Singer Dolly Parton sets up fund for Tennessee fires victims
Country music legend Dolly Parton has said her charity will donate $1,000 (£797) a month to families affected by devastating wildfires in Tennessee.
The singer said she would provide help "until they get back up on their feet".
"I've always believed that charity begins at home," Parton said in a video statement.
At least seven people have been killed in the fires in Sevier County, Tennessee, and around the Great Smoky Mountains National Park.
Parton's Dollywood Foundation has set up a fund where people can donate to help victims of the fires.
"I know it's been a trying time for my people, and this assistance will help," she said.
The wildfires came to the doorstep of Dollywood, Parton's theme park in Pigeon Forge, Sevier County.
A spokesman said guests were evacuated from some of its properties, and that several cabins and holiday structures were damaged.
Around 45 people have been treated in hospital as a result of the wildfires, and over 700 buildings have been damaged.
Mandatory evacuations are under way around Gatlinburg, a city seven miles (11 km) southeast of Pigeon Forge.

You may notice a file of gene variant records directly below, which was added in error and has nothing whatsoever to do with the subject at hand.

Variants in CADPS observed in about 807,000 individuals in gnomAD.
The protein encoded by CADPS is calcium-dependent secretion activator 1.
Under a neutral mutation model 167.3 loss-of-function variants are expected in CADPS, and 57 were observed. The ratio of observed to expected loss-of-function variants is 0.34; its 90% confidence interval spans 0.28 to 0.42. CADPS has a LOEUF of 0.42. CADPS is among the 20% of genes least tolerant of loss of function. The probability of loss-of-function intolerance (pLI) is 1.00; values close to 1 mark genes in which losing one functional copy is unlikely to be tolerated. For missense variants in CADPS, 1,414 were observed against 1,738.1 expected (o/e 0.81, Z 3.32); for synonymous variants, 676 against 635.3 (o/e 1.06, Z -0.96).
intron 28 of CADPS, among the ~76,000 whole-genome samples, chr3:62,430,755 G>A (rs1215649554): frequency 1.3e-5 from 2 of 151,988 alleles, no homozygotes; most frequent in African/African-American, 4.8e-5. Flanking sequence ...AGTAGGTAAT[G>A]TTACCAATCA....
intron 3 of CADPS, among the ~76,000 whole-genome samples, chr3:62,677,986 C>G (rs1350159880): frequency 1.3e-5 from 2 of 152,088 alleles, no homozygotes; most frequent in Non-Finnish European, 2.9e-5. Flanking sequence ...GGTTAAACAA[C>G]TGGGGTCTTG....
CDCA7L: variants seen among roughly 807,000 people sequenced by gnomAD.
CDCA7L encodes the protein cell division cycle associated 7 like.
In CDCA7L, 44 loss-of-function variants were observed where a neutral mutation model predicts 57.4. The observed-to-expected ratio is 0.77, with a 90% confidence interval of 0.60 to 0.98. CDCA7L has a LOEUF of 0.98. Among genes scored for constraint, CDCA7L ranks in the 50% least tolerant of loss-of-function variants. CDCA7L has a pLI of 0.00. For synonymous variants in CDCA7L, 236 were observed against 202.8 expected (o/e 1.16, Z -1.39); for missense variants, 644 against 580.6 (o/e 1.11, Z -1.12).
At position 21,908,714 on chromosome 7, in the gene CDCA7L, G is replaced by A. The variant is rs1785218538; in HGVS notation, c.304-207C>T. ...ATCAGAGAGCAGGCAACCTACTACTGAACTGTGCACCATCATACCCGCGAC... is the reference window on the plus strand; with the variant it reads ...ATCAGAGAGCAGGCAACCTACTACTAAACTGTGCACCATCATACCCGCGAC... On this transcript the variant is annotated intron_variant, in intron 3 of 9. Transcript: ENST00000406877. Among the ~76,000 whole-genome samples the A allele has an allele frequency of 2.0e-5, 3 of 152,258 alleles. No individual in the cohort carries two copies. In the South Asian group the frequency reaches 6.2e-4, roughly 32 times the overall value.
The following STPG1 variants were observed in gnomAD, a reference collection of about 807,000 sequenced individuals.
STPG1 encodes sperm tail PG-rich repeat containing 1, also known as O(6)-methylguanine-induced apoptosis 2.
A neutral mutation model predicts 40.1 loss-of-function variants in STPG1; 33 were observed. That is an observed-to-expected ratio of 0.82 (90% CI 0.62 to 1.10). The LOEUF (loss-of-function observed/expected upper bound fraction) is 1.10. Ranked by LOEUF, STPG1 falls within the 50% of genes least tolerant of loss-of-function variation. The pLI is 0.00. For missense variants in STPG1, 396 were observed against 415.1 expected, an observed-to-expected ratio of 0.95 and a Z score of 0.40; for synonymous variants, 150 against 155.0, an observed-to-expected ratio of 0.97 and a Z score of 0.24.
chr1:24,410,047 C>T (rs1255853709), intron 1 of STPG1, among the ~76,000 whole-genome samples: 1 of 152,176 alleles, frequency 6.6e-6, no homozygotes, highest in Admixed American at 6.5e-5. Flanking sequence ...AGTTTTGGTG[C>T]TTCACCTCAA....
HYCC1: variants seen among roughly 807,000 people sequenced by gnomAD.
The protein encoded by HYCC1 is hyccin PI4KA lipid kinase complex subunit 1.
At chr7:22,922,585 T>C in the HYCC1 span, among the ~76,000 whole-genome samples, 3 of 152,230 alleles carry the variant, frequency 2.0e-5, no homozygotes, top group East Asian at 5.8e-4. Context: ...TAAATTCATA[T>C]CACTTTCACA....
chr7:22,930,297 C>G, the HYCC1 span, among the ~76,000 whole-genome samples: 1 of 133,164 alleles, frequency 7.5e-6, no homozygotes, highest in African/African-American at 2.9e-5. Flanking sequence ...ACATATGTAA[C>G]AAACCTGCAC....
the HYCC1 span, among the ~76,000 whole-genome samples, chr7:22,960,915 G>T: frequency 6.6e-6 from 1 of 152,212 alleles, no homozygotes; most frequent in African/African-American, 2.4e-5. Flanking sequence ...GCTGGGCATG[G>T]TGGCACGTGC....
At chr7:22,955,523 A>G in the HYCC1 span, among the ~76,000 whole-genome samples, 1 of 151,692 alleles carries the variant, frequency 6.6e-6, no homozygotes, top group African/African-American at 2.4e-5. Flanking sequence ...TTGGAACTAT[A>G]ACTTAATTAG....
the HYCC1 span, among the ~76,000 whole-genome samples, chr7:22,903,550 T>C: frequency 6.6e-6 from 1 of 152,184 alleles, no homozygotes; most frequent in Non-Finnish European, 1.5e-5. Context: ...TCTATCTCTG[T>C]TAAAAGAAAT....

Parton, 70, appeared in a public service advertisement on Sunday, asking people nearby to take steps to avoid spreading the fire.
Later, she spoke of her misery at the toll the blazes had taken.
"I have been watching the terrible fires in the Great Smoky Mountains, and I am heartbroken.
"I am praying for all the families affected by the fire - and the firefighters who are working so hard to keep everyone safe," she said.
Singer Miley Cyrus, also a Tennessee native, sent her sympathies and support to Parton and the people of the state in an Instagram post.
Sharing a picture of the pair performing together, she wrote: "Love my fairy god mother @dollyparton and sending protective energy to the ever so sacred Dollywood and all of the homes/folks in TN who are experiencing this devastating fire!"
Dollywood will remain closed until 14:00 local time (19:00 GMT) on Friday, while the Great Smoky Mountains - the most visited national park in the US - said it had closed all park facilities and many trails.
There is also concern for more than 10,000 animals at an aquarium in Gatlinburg, after all employees were evacuated.
The building is still standing, but "workers are anxious to return to check on the animals", the general manager of Ripley's Aquarium of the Smokies, Ryan DeSears, told local media.
Twenty-six active fires have burned nearly 12,000 acres (4,855 hectares) across the state, Tennessee's Department of Agriculture reported.
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Neighbouring Georgia, as well as North and South Carolina, are also battling wildfires after months of drought.